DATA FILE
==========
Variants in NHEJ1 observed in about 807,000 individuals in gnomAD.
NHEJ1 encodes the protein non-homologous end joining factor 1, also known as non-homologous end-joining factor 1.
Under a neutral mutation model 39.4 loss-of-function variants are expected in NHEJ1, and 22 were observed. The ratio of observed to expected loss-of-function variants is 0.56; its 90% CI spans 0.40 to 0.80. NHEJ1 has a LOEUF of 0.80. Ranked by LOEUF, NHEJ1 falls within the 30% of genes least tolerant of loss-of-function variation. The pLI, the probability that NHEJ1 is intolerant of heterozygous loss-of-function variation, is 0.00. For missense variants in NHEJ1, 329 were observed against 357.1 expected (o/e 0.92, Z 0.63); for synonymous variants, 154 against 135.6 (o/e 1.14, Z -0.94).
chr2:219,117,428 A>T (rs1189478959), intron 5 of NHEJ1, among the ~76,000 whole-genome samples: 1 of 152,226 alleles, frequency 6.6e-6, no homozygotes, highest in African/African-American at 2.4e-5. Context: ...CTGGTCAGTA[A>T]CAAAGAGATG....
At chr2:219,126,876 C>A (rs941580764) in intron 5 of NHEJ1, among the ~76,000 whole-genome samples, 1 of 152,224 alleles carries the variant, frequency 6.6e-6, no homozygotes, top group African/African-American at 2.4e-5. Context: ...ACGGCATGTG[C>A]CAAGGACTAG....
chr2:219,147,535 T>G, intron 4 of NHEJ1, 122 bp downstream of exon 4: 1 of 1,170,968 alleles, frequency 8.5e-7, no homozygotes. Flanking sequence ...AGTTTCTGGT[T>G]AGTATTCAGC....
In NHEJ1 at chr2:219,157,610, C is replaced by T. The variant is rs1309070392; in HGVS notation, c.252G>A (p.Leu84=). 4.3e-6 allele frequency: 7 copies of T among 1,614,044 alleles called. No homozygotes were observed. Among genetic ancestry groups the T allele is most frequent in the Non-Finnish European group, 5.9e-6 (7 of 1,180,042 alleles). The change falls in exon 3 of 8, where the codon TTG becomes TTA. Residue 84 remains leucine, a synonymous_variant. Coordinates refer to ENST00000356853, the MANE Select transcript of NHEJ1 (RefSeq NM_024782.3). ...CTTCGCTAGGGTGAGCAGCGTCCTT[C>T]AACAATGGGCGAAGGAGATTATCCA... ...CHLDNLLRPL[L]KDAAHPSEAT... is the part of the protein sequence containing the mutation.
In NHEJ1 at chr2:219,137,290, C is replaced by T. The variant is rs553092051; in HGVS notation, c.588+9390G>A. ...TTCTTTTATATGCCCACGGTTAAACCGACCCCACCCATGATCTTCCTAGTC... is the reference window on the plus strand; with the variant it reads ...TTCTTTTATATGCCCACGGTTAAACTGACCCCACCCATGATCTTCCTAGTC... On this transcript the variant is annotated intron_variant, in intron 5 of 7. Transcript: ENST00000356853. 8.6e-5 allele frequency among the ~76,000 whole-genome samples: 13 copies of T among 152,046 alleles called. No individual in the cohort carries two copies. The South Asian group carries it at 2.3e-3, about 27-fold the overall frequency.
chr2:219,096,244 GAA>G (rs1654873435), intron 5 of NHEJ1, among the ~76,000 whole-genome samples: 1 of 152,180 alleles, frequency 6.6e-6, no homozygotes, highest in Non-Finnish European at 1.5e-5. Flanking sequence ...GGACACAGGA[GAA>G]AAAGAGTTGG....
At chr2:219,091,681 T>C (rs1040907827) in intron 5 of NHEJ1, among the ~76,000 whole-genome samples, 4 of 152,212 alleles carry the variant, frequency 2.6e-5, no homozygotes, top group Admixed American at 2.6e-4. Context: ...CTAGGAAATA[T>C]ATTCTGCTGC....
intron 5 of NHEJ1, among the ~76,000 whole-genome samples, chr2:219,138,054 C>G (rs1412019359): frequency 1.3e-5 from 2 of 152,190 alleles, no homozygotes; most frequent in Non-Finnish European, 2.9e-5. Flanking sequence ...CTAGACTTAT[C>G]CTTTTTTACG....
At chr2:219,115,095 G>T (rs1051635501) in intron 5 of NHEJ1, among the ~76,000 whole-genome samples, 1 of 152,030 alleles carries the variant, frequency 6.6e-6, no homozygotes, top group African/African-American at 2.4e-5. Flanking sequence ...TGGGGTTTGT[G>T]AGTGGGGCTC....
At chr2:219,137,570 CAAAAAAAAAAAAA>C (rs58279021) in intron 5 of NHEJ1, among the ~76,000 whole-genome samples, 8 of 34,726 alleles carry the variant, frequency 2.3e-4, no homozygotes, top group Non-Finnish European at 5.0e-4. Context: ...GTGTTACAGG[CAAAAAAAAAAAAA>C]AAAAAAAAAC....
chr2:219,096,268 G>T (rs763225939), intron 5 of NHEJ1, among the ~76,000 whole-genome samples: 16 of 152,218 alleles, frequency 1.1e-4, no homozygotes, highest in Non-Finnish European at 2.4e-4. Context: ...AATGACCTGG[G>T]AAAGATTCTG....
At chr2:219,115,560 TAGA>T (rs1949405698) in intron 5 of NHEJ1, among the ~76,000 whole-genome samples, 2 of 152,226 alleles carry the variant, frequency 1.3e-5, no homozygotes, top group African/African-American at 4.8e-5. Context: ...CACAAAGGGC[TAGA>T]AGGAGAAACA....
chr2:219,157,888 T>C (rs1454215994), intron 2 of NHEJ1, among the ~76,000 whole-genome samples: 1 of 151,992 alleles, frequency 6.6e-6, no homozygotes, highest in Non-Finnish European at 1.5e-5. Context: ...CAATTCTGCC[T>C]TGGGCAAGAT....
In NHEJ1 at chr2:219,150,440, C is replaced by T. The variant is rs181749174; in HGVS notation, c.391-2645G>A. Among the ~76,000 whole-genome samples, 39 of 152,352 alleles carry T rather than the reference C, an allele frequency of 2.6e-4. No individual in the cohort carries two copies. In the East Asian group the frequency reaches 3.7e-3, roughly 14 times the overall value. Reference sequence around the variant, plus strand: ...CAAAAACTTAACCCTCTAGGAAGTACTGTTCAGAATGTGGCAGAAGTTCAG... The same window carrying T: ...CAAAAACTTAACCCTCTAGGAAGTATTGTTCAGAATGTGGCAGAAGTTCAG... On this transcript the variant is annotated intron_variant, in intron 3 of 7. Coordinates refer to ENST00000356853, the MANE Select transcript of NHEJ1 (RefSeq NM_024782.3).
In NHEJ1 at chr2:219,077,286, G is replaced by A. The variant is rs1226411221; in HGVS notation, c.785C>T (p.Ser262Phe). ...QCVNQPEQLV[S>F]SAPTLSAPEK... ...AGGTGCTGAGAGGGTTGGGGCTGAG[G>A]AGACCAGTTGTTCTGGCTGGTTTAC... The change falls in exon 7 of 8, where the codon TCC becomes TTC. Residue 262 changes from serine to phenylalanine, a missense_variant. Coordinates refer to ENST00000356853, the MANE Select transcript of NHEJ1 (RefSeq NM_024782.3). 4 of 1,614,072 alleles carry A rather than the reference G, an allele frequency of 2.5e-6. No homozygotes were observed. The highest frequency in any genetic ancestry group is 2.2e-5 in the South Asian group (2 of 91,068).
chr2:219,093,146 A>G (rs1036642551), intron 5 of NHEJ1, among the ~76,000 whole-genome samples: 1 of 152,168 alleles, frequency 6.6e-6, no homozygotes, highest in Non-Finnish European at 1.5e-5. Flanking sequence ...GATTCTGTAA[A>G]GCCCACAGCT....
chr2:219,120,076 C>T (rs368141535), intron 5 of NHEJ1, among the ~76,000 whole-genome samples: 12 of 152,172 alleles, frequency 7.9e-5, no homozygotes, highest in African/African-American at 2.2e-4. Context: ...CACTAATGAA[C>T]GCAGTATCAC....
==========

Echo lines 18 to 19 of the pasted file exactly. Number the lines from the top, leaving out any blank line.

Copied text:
In NHEJ1 at chr2:219,077,286, G is replaced by A. The variant is rs1226411221; in HGVS notation, c.785C>T (p.Ser262Phe). ...QCVNQPEQLV[S>F]SAPTLSAPEK... ...AGGTGCTGAGAGGGTTGGGGCTGAG[G>A]AGACCAGTTGTTCTGGCTGGTTTAC... The change falls in exon 7 of 8, where the codon TCC becomes TTC. Residue 262 changes from serine to phenylalanine, a missense_variant. Coordinates refer to ENST00000356853, the MANE Select transcript of NHEJ1 (RefSeq NM_024782.3). 4 of 1,614,072 alleles carry A rather than the reference G, an allele frequency of 2.5e-6. No homozygotes were observed. The highest frequency in any genetic ancestry group is 2.2e-5 in the South Asian group (2 of 91,068).
chr2:219,093,146 A>G (rs1036642551), intron 5 of NHEJ1, among the ~76,000 whole-genome samples: 1 of 152,168 alleles, frequency 6.6e-6, no homozygotes, highest in Non-Finnish European at 1.5e-5. Flanking sequence ...GATTCTGTAA[A>G]GCCCACAGCT....